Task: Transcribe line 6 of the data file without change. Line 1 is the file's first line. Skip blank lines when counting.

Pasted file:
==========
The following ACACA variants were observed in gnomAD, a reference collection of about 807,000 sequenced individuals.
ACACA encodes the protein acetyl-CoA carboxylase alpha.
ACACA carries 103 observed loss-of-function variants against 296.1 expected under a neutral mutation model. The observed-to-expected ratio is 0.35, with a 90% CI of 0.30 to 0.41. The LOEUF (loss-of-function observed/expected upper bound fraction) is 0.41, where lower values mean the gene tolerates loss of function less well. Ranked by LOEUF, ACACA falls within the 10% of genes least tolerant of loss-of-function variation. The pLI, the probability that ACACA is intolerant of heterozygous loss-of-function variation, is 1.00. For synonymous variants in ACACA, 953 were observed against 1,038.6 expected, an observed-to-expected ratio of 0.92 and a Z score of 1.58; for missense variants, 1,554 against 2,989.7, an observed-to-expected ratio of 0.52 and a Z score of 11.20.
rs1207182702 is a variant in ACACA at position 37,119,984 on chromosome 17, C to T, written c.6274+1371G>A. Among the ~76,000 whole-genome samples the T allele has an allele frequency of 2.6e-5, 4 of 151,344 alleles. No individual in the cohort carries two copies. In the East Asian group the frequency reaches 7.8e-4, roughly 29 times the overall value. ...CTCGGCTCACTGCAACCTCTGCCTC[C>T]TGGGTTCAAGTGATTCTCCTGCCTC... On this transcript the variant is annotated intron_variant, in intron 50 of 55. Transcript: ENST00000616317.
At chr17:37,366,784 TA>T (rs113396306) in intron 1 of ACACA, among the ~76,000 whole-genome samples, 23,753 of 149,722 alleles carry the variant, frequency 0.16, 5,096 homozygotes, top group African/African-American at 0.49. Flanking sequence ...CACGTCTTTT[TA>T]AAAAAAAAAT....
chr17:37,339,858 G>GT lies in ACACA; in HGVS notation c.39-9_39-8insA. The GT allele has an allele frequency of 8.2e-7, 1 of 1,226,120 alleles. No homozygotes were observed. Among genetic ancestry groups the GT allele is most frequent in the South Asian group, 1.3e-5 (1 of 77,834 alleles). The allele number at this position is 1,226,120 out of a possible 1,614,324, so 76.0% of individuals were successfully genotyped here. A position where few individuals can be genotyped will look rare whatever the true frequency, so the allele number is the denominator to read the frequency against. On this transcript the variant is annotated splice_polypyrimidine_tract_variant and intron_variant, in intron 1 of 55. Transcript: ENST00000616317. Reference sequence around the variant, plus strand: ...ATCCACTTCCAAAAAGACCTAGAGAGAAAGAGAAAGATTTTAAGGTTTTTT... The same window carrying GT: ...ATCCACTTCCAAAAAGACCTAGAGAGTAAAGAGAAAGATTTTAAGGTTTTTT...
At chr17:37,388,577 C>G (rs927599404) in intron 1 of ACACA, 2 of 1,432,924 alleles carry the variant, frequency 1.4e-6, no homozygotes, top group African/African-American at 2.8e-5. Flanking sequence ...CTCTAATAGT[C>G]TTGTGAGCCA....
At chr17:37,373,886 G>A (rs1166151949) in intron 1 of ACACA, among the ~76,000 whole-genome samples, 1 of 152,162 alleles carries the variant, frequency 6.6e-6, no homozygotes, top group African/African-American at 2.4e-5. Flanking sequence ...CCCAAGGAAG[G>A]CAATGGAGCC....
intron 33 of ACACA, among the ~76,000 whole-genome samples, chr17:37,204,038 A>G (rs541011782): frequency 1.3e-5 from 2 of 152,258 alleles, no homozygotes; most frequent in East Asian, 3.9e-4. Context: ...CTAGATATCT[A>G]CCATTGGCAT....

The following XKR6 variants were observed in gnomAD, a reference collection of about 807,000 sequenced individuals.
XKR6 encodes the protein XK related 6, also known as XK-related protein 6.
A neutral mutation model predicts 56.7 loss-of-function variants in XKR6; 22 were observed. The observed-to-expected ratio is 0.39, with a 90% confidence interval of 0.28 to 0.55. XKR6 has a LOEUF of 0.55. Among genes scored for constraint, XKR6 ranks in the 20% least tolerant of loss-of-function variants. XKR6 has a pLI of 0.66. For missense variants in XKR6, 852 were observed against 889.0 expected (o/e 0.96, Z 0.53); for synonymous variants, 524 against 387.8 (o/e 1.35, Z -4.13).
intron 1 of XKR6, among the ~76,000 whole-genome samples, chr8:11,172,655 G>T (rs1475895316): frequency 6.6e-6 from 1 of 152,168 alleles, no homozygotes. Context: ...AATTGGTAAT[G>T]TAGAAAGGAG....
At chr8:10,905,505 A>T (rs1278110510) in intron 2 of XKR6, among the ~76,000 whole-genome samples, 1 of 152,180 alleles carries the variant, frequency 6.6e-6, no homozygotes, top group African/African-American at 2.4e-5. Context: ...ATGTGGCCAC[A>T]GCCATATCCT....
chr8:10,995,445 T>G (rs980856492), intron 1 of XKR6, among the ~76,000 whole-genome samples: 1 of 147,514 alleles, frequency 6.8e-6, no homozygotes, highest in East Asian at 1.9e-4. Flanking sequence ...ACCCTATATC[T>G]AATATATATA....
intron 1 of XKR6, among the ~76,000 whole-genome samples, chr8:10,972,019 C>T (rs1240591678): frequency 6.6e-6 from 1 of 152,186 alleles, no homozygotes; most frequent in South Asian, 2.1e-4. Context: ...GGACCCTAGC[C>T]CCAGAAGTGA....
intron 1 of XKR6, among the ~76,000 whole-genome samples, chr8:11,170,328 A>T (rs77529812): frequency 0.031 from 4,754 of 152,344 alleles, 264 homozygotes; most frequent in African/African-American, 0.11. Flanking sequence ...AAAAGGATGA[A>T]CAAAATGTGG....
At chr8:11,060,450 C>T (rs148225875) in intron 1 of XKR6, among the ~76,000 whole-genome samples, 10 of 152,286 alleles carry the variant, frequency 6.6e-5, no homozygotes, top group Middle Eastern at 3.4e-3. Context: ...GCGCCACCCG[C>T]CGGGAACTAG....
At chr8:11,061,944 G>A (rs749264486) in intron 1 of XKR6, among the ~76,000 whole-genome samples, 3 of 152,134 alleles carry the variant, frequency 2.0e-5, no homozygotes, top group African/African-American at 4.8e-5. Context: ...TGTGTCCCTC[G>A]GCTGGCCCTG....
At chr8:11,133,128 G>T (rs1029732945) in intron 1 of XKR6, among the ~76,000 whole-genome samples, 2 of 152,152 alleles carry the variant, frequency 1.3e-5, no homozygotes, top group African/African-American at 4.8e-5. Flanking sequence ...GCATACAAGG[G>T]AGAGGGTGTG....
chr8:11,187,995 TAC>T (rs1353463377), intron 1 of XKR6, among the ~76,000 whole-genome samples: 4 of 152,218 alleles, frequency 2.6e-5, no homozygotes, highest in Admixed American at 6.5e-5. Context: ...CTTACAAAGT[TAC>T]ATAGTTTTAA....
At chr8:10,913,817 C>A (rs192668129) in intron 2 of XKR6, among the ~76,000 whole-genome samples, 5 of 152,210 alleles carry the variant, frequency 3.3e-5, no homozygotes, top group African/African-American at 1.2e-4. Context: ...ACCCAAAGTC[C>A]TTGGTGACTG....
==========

chr17:37,339,858 G>GT lies in ACACA; in HGVS notation c.39-9_39-8insA. The GT allele has an allele frequency of 8.2e-7, 1 of 1,226,120 alleles. No homozygotes were observed. Among genetic ancestry groups the GT allele is most frequent in the South Asian group, 1.3e-5 (1 of 77,834 alleles). The allele number at this position is 1,226,120 out of a possible 1,614,324, so 76.0% of individuals were successfully genotyped here. A position where few individuals can be genotyped will look rare whatever the true frequency, so the allele number is the denominator to read the frequency against. On this transcript the variant is annotated splice_polypyrimidine_tract_variant and intron_variant, in intron 1 of 55. Transcript: ENST00000616317. Reference sequence around the variant, plus strand: ...ATCCACTTCCAAAAAGACCTAGAGAGAAAGAGAAAGATTTTAAGGTTTTTT... The same window carrying GT: ...ATCCACTTCCAAAAAGACCTAGAGAGTAAAGAGAAAGATTTTAAGGTTTTTT...